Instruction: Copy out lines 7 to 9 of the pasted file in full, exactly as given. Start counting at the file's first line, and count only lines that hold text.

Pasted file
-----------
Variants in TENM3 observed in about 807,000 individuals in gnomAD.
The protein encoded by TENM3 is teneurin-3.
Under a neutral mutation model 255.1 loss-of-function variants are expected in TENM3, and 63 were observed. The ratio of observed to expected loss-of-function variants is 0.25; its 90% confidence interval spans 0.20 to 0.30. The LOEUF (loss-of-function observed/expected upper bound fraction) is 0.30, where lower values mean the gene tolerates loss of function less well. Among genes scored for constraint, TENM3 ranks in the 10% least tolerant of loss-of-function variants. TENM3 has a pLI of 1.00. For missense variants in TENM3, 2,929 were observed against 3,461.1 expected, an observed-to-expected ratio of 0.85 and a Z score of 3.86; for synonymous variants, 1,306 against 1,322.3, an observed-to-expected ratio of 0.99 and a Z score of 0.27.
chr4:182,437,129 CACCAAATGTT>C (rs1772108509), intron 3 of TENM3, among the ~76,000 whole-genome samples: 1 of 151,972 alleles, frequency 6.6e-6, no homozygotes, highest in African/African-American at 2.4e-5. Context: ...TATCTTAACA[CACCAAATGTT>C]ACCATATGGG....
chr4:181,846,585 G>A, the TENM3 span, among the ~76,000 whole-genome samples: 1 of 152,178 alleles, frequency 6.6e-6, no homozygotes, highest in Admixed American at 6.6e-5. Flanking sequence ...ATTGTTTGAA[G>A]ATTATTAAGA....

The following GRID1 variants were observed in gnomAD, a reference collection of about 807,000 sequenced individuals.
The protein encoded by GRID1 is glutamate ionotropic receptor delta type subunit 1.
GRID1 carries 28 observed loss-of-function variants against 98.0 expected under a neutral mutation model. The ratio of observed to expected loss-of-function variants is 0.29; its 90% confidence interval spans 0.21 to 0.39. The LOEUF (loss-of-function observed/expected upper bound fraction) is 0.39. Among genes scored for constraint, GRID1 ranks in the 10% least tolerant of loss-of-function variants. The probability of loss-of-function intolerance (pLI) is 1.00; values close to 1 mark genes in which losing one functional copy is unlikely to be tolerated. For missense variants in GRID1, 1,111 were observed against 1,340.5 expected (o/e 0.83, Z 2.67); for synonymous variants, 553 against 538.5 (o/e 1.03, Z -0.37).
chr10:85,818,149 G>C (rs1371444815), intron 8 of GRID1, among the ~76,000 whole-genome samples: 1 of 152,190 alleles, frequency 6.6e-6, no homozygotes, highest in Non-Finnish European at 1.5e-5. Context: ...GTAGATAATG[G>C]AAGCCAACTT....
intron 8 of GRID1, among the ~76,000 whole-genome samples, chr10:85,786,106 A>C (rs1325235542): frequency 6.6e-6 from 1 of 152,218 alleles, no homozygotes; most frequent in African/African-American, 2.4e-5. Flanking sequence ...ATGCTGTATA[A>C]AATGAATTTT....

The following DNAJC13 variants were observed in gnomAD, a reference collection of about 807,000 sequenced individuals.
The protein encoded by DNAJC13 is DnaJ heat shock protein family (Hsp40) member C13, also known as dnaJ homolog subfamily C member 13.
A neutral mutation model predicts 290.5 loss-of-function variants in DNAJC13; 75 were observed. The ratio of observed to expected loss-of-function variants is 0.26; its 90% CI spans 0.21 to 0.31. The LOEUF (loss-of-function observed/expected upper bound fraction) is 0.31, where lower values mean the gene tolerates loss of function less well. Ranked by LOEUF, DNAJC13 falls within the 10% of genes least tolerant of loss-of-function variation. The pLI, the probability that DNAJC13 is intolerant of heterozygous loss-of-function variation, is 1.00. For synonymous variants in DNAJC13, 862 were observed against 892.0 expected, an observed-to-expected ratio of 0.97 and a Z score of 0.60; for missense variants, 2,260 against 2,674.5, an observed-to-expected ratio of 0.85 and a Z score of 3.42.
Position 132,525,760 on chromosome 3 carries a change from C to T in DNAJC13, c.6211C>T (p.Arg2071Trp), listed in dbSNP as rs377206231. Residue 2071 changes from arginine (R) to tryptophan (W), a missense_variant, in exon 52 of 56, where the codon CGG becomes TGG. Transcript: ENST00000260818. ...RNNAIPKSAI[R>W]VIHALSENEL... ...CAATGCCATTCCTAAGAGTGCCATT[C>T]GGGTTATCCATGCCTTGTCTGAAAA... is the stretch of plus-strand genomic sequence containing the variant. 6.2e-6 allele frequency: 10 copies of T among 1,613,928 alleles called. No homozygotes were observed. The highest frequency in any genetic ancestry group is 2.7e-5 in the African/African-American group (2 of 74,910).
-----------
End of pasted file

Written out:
The protein encoded by GRID1 is glutamate ionotropic receptor delta type subunit 1.
GRID1 carries 28 observed loss-of-function variants against 98.0 expected under a neutral mutation model. The ratio of observed to expected loss-of-function variants is 0.29; its 90% confidence interval spans 0.21 to 0.39. The LOEUF (loss-of-function observed/expected upper bound fraction) is 0.39. Among genes scored for constraint, GRID1 ranks in the 10% least tolerant of loss-of-function variants. The probability of loss-of-function intolerance (pLI) is 1.00; values close to 1 mark genes in which losing one functional copy is unlikely to be tolerated. For missense variants in GRID1, 1,111 were observed against 1,340.5 expected (o/e 0.83, Z 2.67); for synonymous variants, 553 against 538.5 (o/e 1.03, Z -0.37).
chr10:85,818,149 G>C (rs1371444815), intron 8 of GRID1, among the ~76,000 whole-genome samples: 1 of 152,190 alleles, frequency 6.6e-6, no homozygotes, highest in Non-Finnish European at 1.5e-5. Context: ...GTAGATAATG[G>C]AAGCCAACTT....